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26-year-old woman killed in 5-vehicle pile-up on Chuo Expressway in Yamanashi

15 Comments

A 26-year-old woman was killed and a man slightly injured in a five-vehicle pile-up which occurred on the Chuo Expressway in Yamanashi Prefecture on Sunday at around 10:30 p.m.

According to police, the car being driven by Miki Tomita hit the guard rail and then was hit by a station wagon, Fuji TV reported. Three other cars which were following the station wagon rearended each other.

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15 Comments
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Why is she dead?? Because MOST JAPANESE do NOT slow down or understand about keeping a SAFETY SPACE between their own vehicles and the ones in front of them! Drive too fast, no lights on even at night, and mess around with your smartphones, etc..just a HUGE ACCIDENT waiting to happen, this is the reality of LIFE and DEATH here in Japan. RIP??

-3 ( +4 / -7 )

Elbuda...paisano...while you made a point, was it necessary. Yes, RIP!

2 ( +3 / -1 )

@Elbuda

So how do you explain Japan's excellent safety record?

They have fewer road deaths than the vast majority of nations; among the G20 group, only Germany and the UK are better.

2 ( +4 / -2 )

From pictures I've seen of Japanese expressways (which are mostly toll roads), they tend to be narrower than the autobahnen in Germany or the freeways in the USA. As such, if there is a a multiple car accident the results can be sometimes sadly horrifying. It's a tribute to Japanese driving education and the fact the speed limit is only 100 km/h (62 mph) that such accidents are fortunately quite rare.

1 ( +2 / -1 )

I will concede that a lot of Japanese highways, especially the older ones, undulate more and are more curved than equivalent roads in the U.K. or Italy, say. Furthermore, maintenance is also inconsistent. I recall driving along a stretch of curved highway that was so bumpy it tossed my car around completely unexpectedly.

Pay attention to your driving, peeps!

1 ( +2 / -1 )

Could happen in the rain on Freeway SLIGHTLY CURVED area where people feel safe maitaining higher speed when hydroplaning jacks up tires slightly off the road surfaces and vehicle instead of curves with the road it glides traight ahead to hit the guardrail, especially when tire treads are well worn.

0 ( +0 / -0 )

"...station wagon..." Now, that is a term I haven't heard in a long time.

-3 ( +0 / -3 )

Someone told me the other day how "We Japanese" (yawn) "never tailgate". When I had finished laughing....

2 ( +3 / -1 )

So how do you explain Japan's excellent safety record?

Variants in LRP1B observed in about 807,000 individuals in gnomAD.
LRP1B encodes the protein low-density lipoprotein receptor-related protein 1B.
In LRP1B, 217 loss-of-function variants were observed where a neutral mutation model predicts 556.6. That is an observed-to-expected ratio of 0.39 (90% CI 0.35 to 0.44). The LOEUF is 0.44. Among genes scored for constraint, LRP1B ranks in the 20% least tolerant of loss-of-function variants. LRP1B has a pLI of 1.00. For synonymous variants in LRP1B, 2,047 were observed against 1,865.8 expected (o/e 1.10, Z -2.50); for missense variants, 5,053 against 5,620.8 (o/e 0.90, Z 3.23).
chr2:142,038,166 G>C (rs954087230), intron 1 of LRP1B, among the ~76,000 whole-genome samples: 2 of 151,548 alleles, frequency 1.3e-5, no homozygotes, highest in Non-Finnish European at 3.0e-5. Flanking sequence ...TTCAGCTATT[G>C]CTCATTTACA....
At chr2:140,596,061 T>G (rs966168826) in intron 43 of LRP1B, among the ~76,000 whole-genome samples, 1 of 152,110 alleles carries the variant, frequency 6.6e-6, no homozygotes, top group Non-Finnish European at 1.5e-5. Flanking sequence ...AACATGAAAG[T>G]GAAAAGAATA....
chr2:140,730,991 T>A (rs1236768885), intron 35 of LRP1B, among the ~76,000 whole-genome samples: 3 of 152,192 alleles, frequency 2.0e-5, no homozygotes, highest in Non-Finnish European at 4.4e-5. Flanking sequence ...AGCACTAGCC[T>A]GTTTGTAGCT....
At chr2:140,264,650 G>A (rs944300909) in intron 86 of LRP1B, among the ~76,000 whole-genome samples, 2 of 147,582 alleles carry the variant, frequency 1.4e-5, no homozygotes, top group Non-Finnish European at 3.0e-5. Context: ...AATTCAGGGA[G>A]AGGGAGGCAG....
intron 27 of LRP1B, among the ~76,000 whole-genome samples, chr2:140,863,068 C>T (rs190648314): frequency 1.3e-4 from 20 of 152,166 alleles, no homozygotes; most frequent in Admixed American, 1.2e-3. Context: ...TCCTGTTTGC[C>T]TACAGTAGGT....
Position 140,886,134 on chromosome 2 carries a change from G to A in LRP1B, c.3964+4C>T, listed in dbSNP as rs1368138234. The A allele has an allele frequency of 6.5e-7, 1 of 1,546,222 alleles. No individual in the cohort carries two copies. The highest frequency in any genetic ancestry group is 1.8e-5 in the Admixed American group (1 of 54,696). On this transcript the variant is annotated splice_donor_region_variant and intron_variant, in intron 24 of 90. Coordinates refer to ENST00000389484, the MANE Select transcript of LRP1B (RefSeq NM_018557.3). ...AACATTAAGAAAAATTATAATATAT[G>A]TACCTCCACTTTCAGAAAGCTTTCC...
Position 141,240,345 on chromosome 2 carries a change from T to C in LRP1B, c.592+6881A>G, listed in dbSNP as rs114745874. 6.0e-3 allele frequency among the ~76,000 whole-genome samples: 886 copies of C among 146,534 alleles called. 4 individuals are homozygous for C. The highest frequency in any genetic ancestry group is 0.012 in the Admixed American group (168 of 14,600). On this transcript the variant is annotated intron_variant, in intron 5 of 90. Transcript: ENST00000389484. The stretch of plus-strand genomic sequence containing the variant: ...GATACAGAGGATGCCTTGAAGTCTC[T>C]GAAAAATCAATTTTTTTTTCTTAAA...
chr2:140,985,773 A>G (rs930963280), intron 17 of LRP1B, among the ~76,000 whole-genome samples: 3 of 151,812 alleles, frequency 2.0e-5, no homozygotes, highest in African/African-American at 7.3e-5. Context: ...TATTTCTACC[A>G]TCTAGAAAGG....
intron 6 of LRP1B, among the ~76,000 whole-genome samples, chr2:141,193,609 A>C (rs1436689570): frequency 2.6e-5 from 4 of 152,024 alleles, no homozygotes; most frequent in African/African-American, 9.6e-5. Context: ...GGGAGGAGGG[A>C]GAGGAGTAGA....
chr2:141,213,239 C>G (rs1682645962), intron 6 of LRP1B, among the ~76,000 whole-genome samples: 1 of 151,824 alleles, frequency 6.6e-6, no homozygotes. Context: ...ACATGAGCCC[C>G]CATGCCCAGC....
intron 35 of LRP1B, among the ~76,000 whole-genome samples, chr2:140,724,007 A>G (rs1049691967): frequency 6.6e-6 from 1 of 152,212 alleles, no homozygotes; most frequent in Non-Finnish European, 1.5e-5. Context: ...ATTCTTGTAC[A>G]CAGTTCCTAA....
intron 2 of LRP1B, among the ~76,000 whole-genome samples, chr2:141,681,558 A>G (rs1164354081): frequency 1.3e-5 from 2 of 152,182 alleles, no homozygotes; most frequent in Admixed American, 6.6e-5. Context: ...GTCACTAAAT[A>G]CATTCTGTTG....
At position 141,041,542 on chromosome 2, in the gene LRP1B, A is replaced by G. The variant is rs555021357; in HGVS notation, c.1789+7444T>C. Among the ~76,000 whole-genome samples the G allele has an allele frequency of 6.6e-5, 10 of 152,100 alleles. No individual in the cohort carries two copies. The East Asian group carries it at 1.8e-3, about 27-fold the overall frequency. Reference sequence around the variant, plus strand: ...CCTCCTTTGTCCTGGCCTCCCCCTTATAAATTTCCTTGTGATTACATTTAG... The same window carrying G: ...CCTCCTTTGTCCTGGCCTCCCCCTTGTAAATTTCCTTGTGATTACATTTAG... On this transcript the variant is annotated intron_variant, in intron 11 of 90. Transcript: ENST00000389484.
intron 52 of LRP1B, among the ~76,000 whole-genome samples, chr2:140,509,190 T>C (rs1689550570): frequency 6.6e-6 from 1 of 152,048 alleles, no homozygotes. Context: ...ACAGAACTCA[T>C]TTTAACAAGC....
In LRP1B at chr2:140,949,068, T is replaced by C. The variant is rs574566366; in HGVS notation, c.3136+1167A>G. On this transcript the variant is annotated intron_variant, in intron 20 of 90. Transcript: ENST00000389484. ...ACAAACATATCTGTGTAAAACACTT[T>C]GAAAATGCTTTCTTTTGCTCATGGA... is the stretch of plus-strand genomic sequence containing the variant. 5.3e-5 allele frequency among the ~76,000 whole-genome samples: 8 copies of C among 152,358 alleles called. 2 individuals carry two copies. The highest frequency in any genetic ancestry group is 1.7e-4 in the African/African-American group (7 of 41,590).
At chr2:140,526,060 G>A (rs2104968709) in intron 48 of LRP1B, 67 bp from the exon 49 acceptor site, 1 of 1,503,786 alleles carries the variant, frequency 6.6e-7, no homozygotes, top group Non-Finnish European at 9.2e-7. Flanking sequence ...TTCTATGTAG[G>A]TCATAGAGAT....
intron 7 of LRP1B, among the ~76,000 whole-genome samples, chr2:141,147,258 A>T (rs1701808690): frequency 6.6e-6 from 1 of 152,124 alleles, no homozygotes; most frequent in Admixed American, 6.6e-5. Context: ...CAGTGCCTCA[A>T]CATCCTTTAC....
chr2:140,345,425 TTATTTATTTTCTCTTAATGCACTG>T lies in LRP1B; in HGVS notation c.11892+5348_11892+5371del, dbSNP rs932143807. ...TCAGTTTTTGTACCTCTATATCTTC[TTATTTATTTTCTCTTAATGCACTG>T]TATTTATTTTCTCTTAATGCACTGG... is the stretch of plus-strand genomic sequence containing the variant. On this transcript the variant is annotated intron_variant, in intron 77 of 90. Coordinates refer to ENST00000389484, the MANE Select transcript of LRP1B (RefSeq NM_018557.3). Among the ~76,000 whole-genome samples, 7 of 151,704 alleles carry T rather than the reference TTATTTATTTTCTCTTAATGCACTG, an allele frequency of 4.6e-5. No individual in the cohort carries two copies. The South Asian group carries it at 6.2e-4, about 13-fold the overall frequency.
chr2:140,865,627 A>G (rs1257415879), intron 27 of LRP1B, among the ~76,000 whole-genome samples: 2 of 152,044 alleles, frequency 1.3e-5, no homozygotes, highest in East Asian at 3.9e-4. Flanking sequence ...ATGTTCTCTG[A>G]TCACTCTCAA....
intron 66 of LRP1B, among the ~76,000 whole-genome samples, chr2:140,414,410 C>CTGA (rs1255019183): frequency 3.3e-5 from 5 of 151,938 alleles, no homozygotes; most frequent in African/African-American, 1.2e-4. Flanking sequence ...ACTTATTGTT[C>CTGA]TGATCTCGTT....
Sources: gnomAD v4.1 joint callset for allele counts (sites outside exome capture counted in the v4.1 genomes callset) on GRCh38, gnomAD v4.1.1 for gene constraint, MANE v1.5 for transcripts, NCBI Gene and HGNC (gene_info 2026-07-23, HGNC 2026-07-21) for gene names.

Fudged statistics. Like all their other "records".

2 ( +4 / -2 )

@lucabrasi

So how do you explain Japan's excellent safety record?

The scope is Japan. Japan's record perhaps would be even better if proper distances between cars are kept, headlights are turned on when necessary, speed limits observed, and driver usage of smartphones refrained.

How do you explain Germany's record? The UK's? Saudi Arabia's? Scope.

1 ( +1 / -0 )

@Lucabrasi, Japan has an excellent safety record?? I DRIVE in Japan everyday, I do not NEED to know about so called safety records, with over 20 years of living here in Japan, I know what kind of crazy drivers we have, and the closer you get down to KANSAI, Osaka?? It is a whole different BALL GAME! @Lou Hiro, my paisano, I am NOT trying to sound mean, like some old grumpy old fart etc..it is my MERCY, because I care I tell my Japanese amigos, SLOW DOWN, turn on your HEAD LIGHTS, turn on your windshield wipers in HEAVY RAIN oh, try and put those seat beats on your kids, so they do not end up flying out of the windows in a sudden accident etc.. by the way, one of the worst accidents I have seen here in JAPAN was just before getting into OSAKA, near Shiga, heavy rain, getting dark, but those idiot fools from KANSAI, putting on their head lights to push me out of the fast lane, I was going around 120 KPH while these other fools were over 170 KPH! We smarter folk went down to 20 KPH in that super heavy rain in the SLOW LANES, the others that wanted to get down to OSAKA etc..faster ended up SLIPPING!! About 10 regular cars and 3 or 4 big rig trucks, BLOOD EVERYWHERE, yes WELCOME TO OSAKA, but this kind of stupid accident could happen anywhere and anytime, this is the lovely SAFETY RECORD in my mind about JAPAN.

-4 ( +1 / -5 )

@Elbuda It is not what you say so much as how you say it! But I put that down to your Latino temperament:)! I can imagine that driving in Kansai would be way more hectic than driving in Kanto.

2 ( +2 / -0 )

lucabrasi: So how do you explain Japan's excellent safety record?

Hard to get much of a crash in a traffic jam.

2 ( +2 / -0 )

So sad, RIP. One thing in Japan, you need to watch the roads so carefully. If you want to see crazy driving, you need to come to KYUSHU. The average fail rate when taking the drivers test is about 6-7 times and that's just average. KYUSHU drivers were ranked by far the worst in Japan and if you live and drive here, you will know why.

1 ( +1 / -0 )

ELbuda Mexicano - you are complaining about Japan's traffic? I wonder what will your temper be if you try driving at China, India, South East Asia and Russia.

0 ( +1 / -1 )

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